Reason # 27 why I heart the Internet:
The maps. Oh, the maps…
Especially the one featured from Washington DC in the 1920s. It’s from a survey done by “G. Wm. Baist, Wm. E., & H.V. Baist, surveyors” and is amazing.
Baist’s Real Estate Atlas – The Best Washington DC 1920s Maps
The featured photo map shows a section of DC north of the Mall–in what’s now know as Penn Quarter, I believe–and is close to Mt. Vernon Square and the Convention Center.
I would highly recommend just checking out the entire four volumes of Baist’s Real Estate Atlas, which is provided by the Library of Congress. (Yet another reason to visit Washington DC, but, alas, when one doesn’t have the money…) I think they even have older versions from the same surveyors, so you can even watch the progression through the years (and how they changed street names constantly–poor Brookland neighborhood!)
The maps show you where sewer lines go (and more importantly, didn’t go…), what the houses and different structures were built out of, the taxes, parks, greenhouses…even where the horse fountains were.
Yes, that’s right. Horse fountains.
Here in Portland, we have the horse rings in the curbs that people tie cute My Little Ponys and Breyer’s horses to, but, for some reason, that doesn’t send me back 100 years like the image on a map of a horse fountain does.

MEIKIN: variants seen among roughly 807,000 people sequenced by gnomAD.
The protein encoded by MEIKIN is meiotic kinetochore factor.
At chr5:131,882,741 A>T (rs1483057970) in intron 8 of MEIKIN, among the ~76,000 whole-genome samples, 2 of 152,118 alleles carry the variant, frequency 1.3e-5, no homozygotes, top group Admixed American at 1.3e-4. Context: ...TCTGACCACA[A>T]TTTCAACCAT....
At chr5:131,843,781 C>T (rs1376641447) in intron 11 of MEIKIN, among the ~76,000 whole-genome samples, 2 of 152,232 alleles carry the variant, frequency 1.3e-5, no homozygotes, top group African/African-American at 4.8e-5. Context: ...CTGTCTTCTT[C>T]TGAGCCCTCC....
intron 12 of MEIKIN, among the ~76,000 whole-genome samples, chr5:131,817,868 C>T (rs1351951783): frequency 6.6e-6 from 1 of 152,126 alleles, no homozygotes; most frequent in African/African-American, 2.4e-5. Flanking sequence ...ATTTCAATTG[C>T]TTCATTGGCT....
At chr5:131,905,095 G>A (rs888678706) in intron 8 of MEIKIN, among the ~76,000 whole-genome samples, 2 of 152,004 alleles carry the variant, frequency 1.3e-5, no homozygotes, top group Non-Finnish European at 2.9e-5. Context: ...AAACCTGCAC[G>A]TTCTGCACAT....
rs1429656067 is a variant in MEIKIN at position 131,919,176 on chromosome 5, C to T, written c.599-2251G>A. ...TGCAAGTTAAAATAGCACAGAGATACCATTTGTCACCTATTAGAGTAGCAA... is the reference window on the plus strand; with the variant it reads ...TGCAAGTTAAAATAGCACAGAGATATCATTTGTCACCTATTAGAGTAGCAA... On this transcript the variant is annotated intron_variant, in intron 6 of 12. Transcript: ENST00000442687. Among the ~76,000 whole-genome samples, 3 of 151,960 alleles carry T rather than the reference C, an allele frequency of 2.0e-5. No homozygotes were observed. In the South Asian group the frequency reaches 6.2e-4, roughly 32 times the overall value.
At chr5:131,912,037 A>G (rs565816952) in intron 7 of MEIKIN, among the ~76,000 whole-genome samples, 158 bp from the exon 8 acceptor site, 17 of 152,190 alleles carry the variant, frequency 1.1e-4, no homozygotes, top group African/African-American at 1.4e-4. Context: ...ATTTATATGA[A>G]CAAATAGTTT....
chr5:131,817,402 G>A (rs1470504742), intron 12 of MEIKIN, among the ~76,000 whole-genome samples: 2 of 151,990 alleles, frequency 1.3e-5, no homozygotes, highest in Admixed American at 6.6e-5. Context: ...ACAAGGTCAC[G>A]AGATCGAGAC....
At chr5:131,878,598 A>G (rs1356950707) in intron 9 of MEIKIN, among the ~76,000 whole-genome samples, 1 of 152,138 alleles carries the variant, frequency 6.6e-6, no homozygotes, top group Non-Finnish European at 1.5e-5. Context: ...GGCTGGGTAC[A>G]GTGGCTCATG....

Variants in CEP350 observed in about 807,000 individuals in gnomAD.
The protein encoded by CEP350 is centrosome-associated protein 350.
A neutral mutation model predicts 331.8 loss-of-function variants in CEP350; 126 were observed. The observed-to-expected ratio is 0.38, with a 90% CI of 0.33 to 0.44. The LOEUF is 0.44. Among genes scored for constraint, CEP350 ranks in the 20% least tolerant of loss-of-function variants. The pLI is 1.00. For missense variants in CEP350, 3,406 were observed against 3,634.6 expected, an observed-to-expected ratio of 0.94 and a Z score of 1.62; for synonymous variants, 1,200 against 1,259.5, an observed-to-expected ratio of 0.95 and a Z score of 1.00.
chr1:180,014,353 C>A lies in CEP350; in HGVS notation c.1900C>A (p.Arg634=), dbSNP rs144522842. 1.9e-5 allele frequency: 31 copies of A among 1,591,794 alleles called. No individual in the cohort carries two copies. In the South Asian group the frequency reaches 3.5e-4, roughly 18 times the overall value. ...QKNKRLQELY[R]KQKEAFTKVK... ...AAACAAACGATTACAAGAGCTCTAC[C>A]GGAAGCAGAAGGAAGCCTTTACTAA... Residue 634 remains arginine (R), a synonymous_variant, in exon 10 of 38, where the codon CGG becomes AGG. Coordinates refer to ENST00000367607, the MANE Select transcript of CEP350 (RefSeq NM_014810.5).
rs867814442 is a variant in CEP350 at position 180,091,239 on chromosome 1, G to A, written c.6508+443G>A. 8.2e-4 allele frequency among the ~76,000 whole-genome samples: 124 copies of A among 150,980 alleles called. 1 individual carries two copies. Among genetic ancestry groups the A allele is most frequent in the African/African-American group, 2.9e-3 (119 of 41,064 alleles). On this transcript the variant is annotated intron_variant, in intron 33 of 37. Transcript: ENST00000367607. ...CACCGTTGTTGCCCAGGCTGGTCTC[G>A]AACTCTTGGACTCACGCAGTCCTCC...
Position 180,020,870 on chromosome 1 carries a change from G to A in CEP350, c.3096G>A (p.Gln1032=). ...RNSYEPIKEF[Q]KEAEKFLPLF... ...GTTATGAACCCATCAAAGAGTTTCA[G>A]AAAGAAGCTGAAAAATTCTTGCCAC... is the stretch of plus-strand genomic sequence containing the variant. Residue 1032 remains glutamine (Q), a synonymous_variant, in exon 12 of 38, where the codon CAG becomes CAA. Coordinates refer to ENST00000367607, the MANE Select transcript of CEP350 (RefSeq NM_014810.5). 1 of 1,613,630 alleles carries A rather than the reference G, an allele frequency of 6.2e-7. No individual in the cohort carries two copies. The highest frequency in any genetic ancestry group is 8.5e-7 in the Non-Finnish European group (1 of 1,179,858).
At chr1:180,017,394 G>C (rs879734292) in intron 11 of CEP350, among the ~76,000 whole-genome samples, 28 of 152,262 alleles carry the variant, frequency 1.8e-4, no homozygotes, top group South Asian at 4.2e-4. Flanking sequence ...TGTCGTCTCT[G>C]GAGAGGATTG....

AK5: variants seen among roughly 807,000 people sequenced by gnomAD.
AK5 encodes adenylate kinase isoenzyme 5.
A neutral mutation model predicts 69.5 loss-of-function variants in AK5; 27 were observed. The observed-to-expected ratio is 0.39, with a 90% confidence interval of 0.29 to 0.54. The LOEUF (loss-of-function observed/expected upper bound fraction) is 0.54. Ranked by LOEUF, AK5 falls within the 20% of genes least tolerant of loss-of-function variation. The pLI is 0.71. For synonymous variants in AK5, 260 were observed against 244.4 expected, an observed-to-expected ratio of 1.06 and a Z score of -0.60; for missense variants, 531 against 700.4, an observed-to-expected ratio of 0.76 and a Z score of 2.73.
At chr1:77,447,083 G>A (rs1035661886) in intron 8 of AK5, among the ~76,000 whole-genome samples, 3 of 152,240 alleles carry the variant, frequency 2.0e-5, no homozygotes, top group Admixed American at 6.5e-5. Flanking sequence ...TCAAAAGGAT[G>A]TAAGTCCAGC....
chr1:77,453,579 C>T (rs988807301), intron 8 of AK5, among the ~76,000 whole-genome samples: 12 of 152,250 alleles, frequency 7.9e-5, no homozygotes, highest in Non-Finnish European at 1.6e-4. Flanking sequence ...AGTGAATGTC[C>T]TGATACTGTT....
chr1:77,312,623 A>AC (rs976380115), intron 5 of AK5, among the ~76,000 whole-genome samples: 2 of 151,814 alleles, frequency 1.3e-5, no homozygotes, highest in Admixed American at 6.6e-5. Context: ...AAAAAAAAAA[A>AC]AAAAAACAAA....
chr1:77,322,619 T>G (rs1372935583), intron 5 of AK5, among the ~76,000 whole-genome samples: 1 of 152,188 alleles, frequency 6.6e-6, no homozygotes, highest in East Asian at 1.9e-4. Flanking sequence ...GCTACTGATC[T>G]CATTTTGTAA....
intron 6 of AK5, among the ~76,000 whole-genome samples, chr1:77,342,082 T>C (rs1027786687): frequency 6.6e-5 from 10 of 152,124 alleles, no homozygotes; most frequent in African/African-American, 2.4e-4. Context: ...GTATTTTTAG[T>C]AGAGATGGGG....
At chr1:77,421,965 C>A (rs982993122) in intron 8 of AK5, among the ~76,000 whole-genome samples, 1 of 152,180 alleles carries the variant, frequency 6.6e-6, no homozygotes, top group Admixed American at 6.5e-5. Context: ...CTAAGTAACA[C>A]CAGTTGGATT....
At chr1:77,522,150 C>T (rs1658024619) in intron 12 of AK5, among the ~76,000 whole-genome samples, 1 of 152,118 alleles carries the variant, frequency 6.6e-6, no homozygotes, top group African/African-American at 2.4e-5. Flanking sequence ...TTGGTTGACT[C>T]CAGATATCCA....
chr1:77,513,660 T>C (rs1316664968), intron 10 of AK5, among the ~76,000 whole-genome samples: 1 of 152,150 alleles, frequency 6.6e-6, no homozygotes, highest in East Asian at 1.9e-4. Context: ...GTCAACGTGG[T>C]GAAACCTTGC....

For more fun?
Yes, that’s right. Maps are fun.
Check out the east side of the city with the institute for the deaf and dumb and Camp Meigs. Or the jail and Congressional Cemetery, which are alarmingly close together in all the unpaved roads and swampy goodness that used to be next to the Anacostia–and also near the smallpox hospital, which clearly has its walls pointed out.
Because walls were very important in the days of smallpox.
And check out the west side of the city where the Kennedy Center is now, but where it clearly says “Chris. Heurich Brewing Company” on the map.
Hell, if you really want a rabbit hole to go down, just check out the entire historic Map Collection. Panoramic maps, the National Parks, railroad maps… There’s even an entire section of Civil War maps that completely blew my mind. And the Library of Congress has them all scanned in, all at huge file sizes and resolution so you can zoom in and see everything, and even the potential to download them if you want.